PHILIPPINE NEWS SERVICE — THE National Food Authority yesterday gave assurance of a steady rice supply and dismissed speculations of a looming shortage of the staple grain.
In a press briefing at Malacañang, NFA director Rex Estoperez said the agency has begun a crackdown on erring traders, some of whom are reportedly passing off NFA rice as fancy or commercial rice and selling these at premium.
Following the dry spell in the first half of the year, and the onslaught of recent typhoons that devastated farms, prices of rice shot up, triggering speculations of a rice shortage.
“We don’t have shortage of rice especially because we have enough inventory in our warehouses,” Estoperez said.
Estoperez noted that before the onset of the dry spell, commercial rice used to sell at P21 per kilo but recently, the commodity was fetching P25 per kilo.
“Based on our computation, it’s P25 [per kilo] but because of the impact of NFA rice, the weighted average [now] is P23,” he said.
“In the coming weeks, we will have a stabilized price, lower than expected.”
NFA has posted one monitoring personnel per market tasked to find out the availability of NFA rice but also if unscrupulous rice traders are taking advantage of the situation to cash in.
“If they [rice traders] don’t have an P18-per kilo rice, we’ll suspend their [NFA] license for three months. Also we are investigating any unusual depletion of their rice supply, considering that there is a limit, 5 kilo per person, to the purchase of NFA rice,” Estoperez said.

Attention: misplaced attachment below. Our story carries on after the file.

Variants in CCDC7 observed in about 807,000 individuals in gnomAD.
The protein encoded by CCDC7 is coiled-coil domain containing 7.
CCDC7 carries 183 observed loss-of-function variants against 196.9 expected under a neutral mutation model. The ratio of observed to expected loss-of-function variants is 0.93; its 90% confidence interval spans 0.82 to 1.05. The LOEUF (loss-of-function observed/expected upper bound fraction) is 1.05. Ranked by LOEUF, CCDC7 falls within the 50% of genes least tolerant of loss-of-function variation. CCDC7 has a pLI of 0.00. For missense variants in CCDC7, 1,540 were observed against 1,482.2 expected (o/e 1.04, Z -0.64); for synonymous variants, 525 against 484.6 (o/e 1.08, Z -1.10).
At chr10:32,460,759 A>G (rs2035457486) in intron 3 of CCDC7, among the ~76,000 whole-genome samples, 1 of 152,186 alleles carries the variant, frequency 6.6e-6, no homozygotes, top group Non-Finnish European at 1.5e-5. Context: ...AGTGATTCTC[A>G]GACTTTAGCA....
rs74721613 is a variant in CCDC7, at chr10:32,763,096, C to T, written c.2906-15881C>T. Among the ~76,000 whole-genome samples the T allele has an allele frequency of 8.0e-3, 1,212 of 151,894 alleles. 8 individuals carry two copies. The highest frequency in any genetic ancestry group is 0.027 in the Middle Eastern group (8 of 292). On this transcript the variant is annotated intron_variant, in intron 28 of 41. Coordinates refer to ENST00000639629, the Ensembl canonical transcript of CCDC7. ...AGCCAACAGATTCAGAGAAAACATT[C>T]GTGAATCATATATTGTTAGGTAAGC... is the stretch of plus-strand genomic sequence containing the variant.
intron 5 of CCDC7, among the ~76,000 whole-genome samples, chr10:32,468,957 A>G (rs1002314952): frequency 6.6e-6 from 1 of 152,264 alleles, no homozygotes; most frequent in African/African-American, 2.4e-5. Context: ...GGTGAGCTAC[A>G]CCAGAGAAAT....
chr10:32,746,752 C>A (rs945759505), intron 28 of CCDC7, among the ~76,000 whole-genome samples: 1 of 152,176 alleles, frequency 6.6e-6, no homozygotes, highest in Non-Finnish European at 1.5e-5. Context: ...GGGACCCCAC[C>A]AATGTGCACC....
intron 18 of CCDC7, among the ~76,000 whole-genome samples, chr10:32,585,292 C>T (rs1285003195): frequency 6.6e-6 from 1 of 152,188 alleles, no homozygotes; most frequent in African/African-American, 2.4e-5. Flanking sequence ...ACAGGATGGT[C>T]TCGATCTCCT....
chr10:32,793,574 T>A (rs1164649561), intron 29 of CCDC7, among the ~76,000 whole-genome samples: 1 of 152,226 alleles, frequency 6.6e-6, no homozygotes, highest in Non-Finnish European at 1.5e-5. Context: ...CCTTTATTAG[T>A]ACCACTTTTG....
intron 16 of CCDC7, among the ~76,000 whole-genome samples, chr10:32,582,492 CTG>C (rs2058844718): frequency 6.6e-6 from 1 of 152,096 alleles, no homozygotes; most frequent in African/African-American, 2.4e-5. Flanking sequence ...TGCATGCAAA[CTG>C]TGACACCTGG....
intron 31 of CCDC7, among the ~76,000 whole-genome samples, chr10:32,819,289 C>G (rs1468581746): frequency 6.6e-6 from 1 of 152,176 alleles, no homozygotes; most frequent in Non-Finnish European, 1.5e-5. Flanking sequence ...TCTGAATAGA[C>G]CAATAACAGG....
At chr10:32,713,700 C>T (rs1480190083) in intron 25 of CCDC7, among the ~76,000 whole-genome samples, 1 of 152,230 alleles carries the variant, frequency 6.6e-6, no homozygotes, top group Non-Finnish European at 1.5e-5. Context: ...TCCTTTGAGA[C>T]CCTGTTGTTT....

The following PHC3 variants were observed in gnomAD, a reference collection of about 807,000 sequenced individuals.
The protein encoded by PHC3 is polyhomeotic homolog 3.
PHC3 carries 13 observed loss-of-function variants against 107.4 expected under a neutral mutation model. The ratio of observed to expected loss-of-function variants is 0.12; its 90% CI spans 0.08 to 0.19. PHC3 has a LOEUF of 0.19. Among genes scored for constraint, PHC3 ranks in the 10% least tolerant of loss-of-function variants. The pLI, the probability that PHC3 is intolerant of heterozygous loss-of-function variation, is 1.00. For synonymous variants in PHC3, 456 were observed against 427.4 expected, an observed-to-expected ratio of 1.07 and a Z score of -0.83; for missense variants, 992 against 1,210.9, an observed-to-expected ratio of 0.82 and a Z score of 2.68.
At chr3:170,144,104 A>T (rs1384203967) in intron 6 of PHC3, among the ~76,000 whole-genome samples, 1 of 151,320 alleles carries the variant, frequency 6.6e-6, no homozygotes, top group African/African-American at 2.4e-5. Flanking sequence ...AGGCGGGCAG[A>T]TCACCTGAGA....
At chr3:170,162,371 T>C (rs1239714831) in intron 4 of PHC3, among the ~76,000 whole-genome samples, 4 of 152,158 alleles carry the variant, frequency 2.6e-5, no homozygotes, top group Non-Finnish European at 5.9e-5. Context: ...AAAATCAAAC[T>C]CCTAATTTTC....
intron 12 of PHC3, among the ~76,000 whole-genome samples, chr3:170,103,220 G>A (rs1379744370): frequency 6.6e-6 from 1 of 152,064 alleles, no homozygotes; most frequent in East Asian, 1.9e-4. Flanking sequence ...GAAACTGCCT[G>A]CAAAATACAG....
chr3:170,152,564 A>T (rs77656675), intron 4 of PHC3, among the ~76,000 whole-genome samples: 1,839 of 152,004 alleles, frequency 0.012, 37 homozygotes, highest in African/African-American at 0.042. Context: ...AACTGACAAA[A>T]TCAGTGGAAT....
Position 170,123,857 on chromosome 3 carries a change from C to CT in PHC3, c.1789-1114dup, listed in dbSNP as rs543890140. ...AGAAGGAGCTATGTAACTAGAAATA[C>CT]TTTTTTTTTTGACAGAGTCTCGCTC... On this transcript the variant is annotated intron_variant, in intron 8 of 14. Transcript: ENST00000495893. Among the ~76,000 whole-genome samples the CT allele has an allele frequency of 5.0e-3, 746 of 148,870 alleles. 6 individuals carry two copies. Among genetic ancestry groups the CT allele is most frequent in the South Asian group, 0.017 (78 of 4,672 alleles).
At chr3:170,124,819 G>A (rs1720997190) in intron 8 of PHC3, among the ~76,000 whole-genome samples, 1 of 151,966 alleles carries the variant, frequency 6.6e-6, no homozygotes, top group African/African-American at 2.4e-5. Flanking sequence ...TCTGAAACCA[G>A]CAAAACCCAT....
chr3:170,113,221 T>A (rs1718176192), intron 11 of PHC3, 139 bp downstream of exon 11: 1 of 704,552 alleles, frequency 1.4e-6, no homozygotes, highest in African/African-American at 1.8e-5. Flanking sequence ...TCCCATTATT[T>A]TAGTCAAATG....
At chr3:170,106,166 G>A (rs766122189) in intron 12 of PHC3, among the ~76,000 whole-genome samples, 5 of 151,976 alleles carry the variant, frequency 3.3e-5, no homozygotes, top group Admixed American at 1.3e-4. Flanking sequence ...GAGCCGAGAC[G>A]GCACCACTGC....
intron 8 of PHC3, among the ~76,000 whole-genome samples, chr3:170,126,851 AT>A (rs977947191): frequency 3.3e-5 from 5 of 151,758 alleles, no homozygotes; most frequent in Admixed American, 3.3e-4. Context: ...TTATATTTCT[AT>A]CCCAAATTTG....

“We have also put up a ‘Strike Team’, that would immediately respond to the report of our monitoring personnel, go to the site immediately to investigate and prosecute anybody, if necessary,” he added.
He admitted though that the expected rice harvest in Luzon was delayed by the dry spell and the recent typhoons but harvests from Visayas and Mindanao will augment the rice supply in Luzon and in Metro Manila.
Estoperez also said the NFA is importing 260,000 metric tons of rice to boost its buffer stock that could be tapped in case the expected harvests would be further delayed.
“As a policy, NFA should have a 15-day buffer stock but as a result of the dry spell and the typhoons, we might consume the food security stock, which should be the beginning inventory of 2008,” Estoperez said.
“That is why we have announced that we are importing 260,000 metric tons and we’ll be auctioning it on Sept. 7. Right now the arrival of our rice imports continues—this is the result of the June auction importation.”
The rice import has to come in within the month, he said.